You could lose valuable business if you don’t have high-calibre staff to cope with the work, writes John Monks.
Imagine you are a senior partner of an accountancy firm. Business is going very well – there are plenty of new client gains and your current client portfolio is generating record fees in repeat and new instructions. There’s only one problem. You haven’t got enough staff to deliver the work. In fact there are numerous opportunities out there, but each year there’s less talent to capitalise on them. Your workforce is ageing and, unlike those heady days in 2008, graduate recruitment is now so competitive that all the professions fight each year over fewer candiates. Business is great. Too great in fact and increasingly your firm is turning more business away.
For some accountancy senior partners and HR managers, it is unrealistic. Their reality is that it is happening now. And this realisation isn’t across the accountancy profession. Over the next decade the UK professions are forecasting significant growth in employment opportunities. Reports such as The Leitch Review suggest that by 2020 40% of jobs in the UK will require graduate qualifications. There is deep concern that, taking into account current birth rates and education practices, young people’s skills will not be sufficient to match this requirement.
So what can your firm do to develop talent and keep it in the long term? First, you should give your staffing the same sophistication of planning that you give your fee-income.
Consider your firm’s demographics and ask yourself some tough questions. How many people will you need to service current business levels in future years? How many will you need to grow the business? What type of talent will be needed to achieve this performance? What skills, behaviours and capabilities will your people have to possess? What is currently available and what will need to be brought in?
Future employees will be more discerning and will have even more choice. Those employers that demonstrate a great reputation, will be in a stronger position. Just like your clients, future staff will select you because you can differentiate yourself from other accountancy firms jostling to call them one of their own. Developing this reputation or ‘employer ‘brand’ is now high on the priority list of the best firms.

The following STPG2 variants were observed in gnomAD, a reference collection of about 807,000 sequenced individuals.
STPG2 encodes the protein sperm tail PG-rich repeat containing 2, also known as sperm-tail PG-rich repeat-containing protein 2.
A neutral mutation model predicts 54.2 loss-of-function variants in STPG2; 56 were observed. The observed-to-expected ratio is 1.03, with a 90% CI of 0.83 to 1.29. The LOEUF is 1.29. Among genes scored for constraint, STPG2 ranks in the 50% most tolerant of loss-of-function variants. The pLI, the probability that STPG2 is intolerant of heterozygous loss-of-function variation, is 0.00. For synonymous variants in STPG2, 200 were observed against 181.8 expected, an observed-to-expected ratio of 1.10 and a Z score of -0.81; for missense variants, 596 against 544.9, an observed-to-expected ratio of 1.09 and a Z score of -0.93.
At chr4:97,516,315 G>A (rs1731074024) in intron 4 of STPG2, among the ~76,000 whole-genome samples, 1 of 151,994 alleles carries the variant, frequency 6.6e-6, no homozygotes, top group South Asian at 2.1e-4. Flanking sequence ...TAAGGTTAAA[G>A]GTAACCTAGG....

A great reputation will mean different things to different people. The key is to find the people who are going to be great for your firm in getting it to where it wants to be. Yes part of this will be the volume. But more importantly it will be about defining what ‘great’ looks like.
Start by considering your current great people. What do they like about working for you? What makes them stay? What would make them more loyal now and in the future? If you can create a working experience that builds their loyalty, you can also start promoting it externally to attract similar great people to your firm. This isn’t just a case of being in the Sunday Times ‘Top 100 Companies To Work For’. It’s about considering your plans, realising what people you need (quantity and profiles), understanding what you as an employer need to be to attract those people and setting in place plans which demonstrate you practice what you preach. And you will need to practice what you preach, if you want to attract these people in the long-run.
Some accountancy firms are already forging links with schools and universities to promote themselves to potential candidates. In the future, this will become more sophisticated. You may want to consider setting up a more formal affiliation with a particular academic institution who has previously provided some of your greatest people. Some firms are already giving ‘guest lectures’ or sponsoring projects or business simulations. This gives them access to talent before it hits the milk round. Social networking and community based projects are also tools being used very effectively.
Just as you do with your clients, build a referral network and form alliances to bring a steady flow of the type of people you need – be they from the UK or overseas. Consider attracting people from other sectors looking to make a career change. Question your preconceptions about age and certain roles and be more innovative with your ‘recommend a friend’ promotions to your current employees.
Nurturing your talent
Attracting the talent is one thing. Keeping it is another. In the future, your people will be continually head-hunted. To secure their loyalty you will need to adapt their working experience as they develop. This will mean:
- Keeping in regular contact with them as they develop – to track performance and development needs.
- Identifying the specific support or training they require to be more effective.
- Ascertaining whether their working environment, hours etc are still motivational to them.
- Checking whether the right reward mechanism is still in place.
- Fully engaging them in the business.
The war for talent is already a reality in the accountancy profession. To avoid the shortfalls, firms need a systematic and proactive approach to the recruitment process.